Male volunteer, sedentary (daily energy expenditure <4 metabolic equivalents), with body mass index (BMI) ≥ 25 kg·m−2 and 18–35 years old were recruited in an intra-school campaign and personalized interviews to ensure eligibility. Exclusion criteria were drinking more of 100 mL of alcohol a week, taking drugs or diet supplements, presenting diabetes or any other chronic disease, and having an impediment to practice regular physical exercise.

2.4. Participants and Study Design

Fifty-two subjects were enrolled in a randomized, double-blind, crossover-controlled trial. Subjects were distributed in one of two groups according with their BMI: overweight (N = 27) or obesity (N = 25). Each subject received randomly 4.5 g·day−1 of S. maxima or placebo in two 42-day crossover periods (randomly), separated by 14 days (wash-out period) (Figure 1). A detailed protocol of this study, including sample size calculation, details of randomization, and anthropometry have been published previously [14].

2.5. Diet

All participants underwent a nutritional survey to establish an isocaloric diet and keep body weight constant during the study. Two trained nutritionists monitored dietary intake using three 24-hour dietary withdrawals on days 0, 42, 56, and 98, and two food frequency questionnaires on days 0 and 98, in order to ensure the independence of both dietary assessment tools. A nutritionist first inspected diet records for missing data (e.g., missing foods or lack of complete responses) and then analyzed the total intake of calories, protein, carbohydrates, and fats (Diet Analysis Plus, ESHA Research, Salem, OR, USA). Finally, compliance with supplement intake (S. maxima or placebo) and diet were monitored weekly by scheduled laboratory visits and carried out by trained nutritionists.

2.6. Determination of Maximal Oxygen Uptake (VO2max)

To determine VO2max, each subject performed a stress tests at maximum intensity at each session (four in total, day 0, day 42, day 56 and day 98) during the trial, each test consisted in measure oxygen uptake and carbon dioxide produced by a gas analyzer (Cortex Metalyzer 3B, Germany) using a cycle ergometer (Monark Ergomedic 828E, Monark Exercise AB, 105 Vansbro, Sweden). Each test commenced with subjects cycling at a cadence greater than 60 rev·min−1 during each test, starting with a external resistance of 50–75 W with increments of 15–30 W every three minutes until the subject can no longer pedal more than 40 rev·min−1. The test was considered valid when at least three of the following criteria were met: the heart rate was 90–100% of the maximal predicted by age, rates of perceived exertion (RPE) of at least 9 on Borg CR-10 scale, respiratory exchange ratio > 1.1, and VO2 plateau (ΔVO2 < 2.1 mL·kg−1·min−1. At the end of each increment load, glucose and blood pressure were determined to check the subject’s health during each test. The laboratory temperature was maintained at ~22 °C and the humidity at ~50%.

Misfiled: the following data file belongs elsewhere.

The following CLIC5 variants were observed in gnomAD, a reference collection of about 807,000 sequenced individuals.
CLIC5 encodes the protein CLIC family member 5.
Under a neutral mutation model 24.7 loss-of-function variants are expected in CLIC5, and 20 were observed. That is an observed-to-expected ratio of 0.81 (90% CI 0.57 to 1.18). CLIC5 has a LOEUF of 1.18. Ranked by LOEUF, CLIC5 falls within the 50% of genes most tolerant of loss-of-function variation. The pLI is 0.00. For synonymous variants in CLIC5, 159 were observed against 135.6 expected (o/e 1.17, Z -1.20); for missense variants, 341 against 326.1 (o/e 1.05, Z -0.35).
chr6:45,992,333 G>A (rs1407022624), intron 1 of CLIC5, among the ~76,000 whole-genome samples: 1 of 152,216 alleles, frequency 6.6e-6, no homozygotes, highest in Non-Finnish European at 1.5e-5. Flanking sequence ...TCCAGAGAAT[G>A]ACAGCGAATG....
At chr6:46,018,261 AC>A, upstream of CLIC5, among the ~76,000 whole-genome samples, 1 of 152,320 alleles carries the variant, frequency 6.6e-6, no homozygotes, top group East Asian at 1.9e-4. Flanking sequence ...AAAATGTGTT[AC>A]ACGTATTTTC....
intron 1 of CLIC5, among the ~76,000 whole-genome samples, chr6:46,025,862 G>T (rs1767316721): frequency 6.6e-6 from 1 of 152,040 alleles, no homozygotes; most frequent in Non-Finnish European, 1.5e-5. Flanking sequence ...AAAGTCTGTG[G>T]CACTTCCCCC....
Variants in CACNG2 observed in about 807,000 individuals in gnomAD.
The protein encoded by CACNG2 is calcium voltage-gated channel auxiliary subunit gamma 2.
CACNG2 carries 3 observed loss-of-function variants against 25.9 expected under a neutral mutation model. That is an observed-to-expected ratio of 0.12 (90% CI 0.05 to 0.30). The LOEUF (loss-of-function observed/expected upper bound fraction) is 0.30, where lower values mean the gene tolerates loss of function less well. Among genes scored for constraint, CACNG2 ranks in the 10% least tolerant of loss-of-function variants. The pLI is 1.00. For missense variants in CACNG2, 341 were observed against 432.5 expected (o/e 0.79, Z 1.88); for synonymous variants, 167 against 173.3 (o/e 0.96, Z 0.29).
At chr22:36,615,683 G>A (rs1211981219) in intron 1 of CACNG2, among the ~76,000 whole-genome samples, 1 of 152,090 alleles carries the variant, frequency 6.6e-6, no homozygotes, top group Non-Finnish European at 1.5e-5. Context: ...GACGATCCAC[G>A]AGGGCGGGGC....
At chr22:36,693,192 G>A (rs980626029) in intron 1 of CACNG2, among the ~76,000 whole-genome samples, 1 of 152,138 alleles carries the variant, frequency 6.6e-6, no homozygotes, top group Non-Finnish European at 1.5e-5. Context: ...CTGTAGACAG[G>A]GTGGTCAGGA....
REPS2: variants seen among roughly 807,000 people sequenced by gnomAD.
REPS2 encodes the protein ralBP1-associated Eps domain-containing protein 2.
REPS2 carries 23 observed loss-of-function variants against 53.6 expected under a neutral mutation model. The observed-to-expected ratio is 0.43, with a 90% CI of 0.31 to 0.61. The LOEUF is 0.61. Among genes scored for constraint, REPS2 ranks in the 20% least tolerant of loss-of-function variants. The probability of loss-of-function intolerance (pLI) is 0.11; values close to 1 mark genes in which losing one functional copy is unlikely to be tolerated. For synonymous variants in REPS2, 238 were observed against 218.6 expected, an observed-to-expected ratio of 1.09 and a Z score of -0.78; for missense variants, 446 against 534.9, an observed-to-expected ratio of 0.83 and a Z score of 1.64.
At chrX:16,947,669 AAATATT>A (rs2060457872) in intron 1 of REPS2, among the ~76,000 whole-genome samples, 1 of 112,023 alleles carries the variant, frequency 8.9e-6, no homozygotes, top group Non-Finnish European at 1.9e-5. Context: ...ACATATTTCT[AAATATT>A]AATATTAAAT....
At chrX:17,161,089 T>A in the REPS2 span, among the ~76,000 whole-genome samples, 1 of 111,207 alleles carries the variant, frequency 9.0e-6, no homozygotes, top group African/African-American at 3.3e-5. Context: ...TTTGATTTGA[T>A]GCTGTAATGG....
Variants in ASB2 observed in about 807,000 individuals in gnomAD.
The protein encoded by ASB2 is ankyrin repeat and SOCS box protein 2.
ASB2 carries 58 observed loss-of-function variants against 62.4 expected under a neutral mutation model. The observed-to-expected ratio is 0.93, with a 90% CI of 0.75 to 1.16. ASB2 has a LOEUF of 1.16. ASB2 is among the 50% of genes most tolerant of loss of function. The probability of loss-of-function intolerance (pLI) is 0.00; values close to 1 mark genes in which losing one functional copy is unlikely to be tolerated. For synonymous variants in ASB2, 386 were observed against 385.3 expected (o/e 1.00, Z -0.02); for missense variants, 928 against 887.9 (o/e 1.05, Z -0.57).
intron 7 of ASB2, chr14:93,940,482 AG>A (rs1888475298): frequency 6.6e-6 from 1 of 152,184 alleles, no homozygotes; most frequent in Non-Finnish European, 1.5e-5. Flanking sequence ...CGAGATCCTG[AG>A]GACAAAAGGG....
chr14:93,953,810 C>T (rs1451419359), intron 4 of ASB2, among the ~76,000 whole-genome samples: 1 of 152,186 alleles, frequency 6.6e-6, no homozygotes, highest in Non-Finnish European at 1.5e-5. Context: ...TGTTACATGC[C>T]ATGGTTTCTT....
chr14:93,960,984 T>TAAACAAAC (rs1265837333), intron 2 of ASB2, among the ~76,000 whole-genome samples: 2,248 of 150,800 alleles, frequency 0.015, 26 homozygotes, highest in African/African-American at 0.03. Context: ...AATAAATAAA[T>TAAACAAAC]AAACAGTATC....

2.7. Physical Exercise Program

The training program was individual and designed to elicit an improvement in cardiovascular endurance according with the American College of Sports Medicine (ACSM) guidelines for people who are overweight and for obesity [15]. The exercise protocol was five days a week and began with a warm-up exercise (5–10 min), followed by muscular endurance exercise (20–30 min), then 20–30 min of cardiovascular exercise, and finally, five minutes of stretching. Target heart rate for each exercise session was based on a percentage of heart rate reserve (HRR). The difference between the maximal heart rate observed during the stress test at maximal intensity and the heart rate prior the test, measured with subjects resting comfortable for at least 15 min in a supine position (resting heart rate) was considered the HRR. The cardiovascular exercise was administered as follows: Three days at low to moderate intensity (50–80% of their HRR), and two days at high intensity (80–90% of their HRR).
Muscular endurance exercise consisted of working all muscle groups (arms, legs, chest, back, and shoulders) using a medium-resistance repetition protocol, divided in four different exercises for each specific muscle group, doing three sets of 12–16 repetitions [15]. In order to maintain a constant training stimulus, HRR was recalculated every session of stress test at maximal intensity. Subjects performed the physical exercise program in the UACJ gym, always under the technical supervision of a personal trainer.

2.8. Blood Sample Analysis

Each session before the stress test at maximal intensity, fasting blood samples (8 mL, 8–10 h of fasting) of subjects were collected from the antecubital vein into ethylene diamine tetra acetic acid (EDTA) tubes (four in total, day 0, 42, 56 and 98). Samples were centrifugated at 4 °C at 3000× g during 20 min to obtain plasma, and the lipid profile (TC, TAG, LDL-C, and HDL-C) levels were analyzed by standard enzymatic procedures (Spinreact, Girona, Spain) with a spectrophotometer (Epoch, Biotek, VT, USA) at 505 nm. Abnormal cutoffs for TC, TAG, LDL-C and HDL-C were >200, >150, >100, and <40 mg·dL−1, respectively.

2.9. Statistical Analysis

Data distribution normality was examined by the Shapiro-Wilk test, and the homoscedasticity by the Levene test, for each group. Statistical differences before and after each intervention group were compared using paired t-tests. The associations among variables were evaluated by Spearman correlation. p < 0.01 was considered statistically significant. All analyses were conducted using the software SPSS 22.0 (SPSS Inc., Chicago, IL, USA) and are shown in the Supplementary File S3.

3. Results

According to their baseline characteristics, participants showed a low cardiorespiratory fitness [15], and subjects with obesity (N = 25) had abnormal levels of TC, TAG, LDL-C, and HDL-C, and were considered with dyslipidemia (Table 1).
Daily energy intake after the clinical trial showed no statistical differences (p < 0.01) for dietary variables at the end of the study compared to those at the beginning (2146 ± 98 kcal·day−1 vs. 2054 ± 104 kcal·day−1). No adverse effects of S. maxima supplementation or dietary intake were reported during the study.